; Davis and Shi 2000
; Maren 2001
). The hippocampus and amygdala also play a role in the retrieval, or expression, of contextual fear memories, which is one of the physiological functions ultimately being assessed in our two experimental test sessions. Because ketamine-treated mice exhibited normal fear conditioning after two weeks of injections, it appears that they were able to acquire fear memories and retrieve them at that time point. However, because there was only one training session, the task at the second time point was more difficult and isolated to memory retrieval. The selective impairment during the second test session also suggests that ketamine may alter system consolidation, which is the gradual reorganization of brain connections that support memory. This process is generally slower and longer-lasting than synaptic consolidation, which is complete within hours of training and involves changes in more localized circuits. One of the key characteristics of system consolidation is that memories shift from hippocampus- to prefrontal cortex-dependence. The effect of ketamine on CFC two weeks after training may therefore be due to a decreased ability to strengthen the cortical connections involved in this process (Frankland and Bontempi 2005
Though CFC testing was only performed at the two discussed time points, data collected in the gating and novelty paradigms also suggest that repeated ketamine administration has lasting effects on brain functioning. Alternatively, our hypothesis regarding MMN was not supported. The lack of a MMN effect in the current study suggest that the disruption of MMN following acute ketamine is due to receptor blockade, rather than the lasting changes secondary to previous exposure. Despite the lack of effect of chronic ketamine on novelty recognition, the drug did produce the predicted results in terms of several different AEP components. For instance, similar to a previously published study from our laboratory, ketamine caused a significant increase in P20 latency, and generally increased the latencies of the N40 and P80 components, as well (Maxwell, Ehrlichman et al. 2006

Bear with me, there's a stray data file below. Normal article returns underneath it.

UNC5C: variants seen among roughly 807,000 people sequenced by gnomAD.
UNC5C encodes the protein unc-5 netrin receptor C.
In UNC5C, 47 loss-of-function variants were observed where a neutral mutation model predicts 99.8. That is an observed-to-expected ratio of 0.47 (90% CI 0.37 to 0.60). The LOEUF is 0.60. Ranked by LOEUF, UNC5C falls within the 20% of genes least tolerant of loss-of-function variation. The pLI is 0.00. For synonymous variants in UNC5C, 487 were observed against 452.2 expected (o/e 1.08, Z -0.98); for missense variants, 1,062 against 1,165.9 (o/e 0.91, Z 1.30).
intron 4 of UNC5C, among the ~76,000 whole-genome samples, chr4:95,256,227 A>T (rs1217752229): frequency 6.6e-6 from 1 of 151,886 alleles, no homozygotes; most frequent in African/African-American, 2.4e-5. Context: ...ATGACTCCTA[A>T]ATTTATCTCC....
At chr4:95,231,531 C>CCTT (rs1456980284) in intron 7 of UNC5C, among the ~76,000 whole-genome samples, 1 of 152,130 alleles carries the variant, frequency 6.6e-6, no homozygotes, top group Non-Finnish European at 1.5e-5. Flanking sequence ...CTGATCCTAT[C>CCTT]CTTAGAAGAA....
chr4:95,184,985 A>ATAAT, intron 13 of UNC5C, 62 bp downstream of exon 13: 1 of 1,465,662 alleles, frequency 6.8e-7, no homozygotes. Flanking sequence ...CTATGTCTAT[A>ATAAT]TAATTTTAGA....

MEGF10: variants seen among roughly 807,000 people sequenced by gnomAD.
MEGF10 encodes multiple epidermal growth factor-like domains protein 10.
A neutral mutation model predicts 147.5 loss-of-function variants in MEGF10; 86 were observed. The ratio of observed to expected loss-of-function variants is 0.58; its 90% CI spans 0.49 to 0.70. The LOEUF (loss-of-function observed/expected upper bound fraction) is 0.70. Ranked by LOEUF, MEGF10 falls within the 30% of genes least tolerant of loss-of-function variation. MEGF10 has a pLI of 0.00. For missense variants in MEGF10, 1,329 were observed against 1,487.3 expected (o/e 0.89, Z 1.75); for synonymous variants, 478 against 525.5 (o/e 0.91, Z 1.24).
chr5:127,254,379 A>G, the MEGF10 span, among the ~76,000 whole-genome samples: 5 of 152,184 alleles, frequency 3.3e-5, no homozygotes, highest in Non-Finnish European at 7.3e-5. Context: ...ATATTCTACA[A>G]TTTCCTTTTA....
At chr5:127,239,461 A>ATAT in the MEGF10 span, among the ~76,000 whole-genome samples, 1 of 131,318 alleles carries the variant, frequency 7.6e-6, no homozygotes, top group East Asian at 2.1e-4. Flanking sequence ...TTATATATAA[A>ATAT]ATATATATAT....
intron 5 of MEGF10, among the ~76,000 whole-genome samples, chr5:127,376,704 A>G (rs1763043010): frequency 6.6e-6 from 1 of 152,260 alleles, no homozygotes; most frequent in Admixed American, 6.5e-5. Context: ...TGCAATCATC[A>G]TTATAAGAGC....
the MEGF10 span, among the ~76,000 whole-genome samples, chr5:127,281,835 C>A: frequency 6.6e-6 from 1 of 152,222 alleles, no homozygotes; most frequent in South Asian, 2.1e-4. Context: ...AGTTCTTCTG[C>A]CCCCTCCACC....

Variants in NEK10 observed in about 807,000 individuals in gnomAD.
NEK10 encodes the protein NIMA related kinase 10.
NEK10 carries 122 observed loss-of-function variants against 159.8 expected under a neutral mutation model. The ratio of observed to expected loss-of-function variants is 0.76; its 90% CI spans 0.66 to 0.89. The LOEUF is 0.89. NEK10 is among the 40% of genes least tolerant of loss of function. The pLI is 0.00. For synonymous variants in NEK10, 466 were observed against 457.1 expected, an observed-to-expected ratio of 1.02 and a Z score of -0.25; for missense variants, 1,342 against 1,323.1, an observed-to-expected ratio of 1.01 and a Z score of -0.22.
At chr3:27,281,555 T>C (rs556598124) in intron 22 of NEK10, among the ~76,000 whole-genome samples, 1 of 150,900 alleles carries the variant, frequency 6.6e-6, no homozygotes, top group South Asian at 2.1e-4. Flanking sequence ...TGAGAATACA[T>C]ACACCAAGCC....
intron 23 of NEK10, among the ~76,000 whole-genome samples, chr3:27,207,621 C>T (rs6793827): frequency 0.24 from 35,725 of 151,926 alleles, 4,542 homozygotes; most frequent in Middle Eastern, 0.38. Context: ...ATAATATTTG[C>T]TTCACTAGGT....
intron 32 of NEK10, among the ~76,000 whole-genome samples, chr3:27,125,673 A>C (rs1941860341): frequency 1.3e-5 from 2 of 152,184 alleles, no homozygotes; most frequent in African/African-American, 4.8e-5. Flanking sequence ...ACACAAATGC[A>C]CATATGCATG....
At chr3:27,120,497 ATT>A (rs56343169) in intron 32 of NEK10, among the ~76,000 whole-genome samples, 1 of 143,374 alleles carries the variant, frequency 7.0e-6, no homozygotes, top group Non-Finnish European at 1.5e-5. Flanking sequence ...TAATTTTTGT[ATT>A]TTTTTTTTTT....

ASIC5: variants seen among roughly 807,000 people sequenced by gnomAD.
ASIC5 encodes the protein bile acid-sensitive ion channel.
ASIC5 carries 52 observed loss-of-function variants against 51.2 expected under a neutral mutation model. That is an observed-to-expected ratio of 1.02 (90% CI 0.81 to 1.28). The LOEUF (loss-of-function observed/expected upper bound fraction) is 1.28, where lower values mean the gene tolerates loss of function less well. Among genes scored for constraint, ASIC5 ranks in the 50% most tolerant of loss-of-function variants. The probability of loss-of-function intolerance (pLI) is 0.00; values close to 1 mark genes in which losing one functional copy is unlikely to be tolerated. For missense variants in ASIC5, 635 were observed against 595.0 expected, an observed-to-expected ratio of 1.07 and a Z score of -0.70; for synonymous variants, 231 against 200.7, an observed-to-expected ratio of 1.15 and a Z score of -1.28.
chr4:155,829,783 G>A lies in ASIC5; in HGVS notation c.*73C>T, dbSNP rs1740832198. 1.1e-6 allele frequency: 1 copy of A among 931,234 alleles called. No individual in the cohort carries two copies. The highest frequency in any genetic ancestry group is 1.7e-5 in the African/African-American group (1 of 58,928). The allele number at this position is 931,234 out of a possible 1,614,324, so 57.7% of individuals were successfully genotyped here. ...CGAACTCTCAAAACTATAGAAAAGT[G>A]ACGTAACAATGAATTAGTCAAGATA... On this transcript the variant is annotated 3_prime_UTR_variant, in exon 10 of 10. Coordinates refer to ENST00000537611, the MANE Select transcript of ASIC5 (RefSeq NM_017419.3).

). ERP component latency is generally thought to be a measure of processing speed, which is the rate at which a person responds to a given stimulus. As discussed in Amann et al. 2008
, an increase in processing speed would subsequently decrease the likelihood that information held with one’s working memory could be accessed before it is lost or diminished (Fry and Hale 2000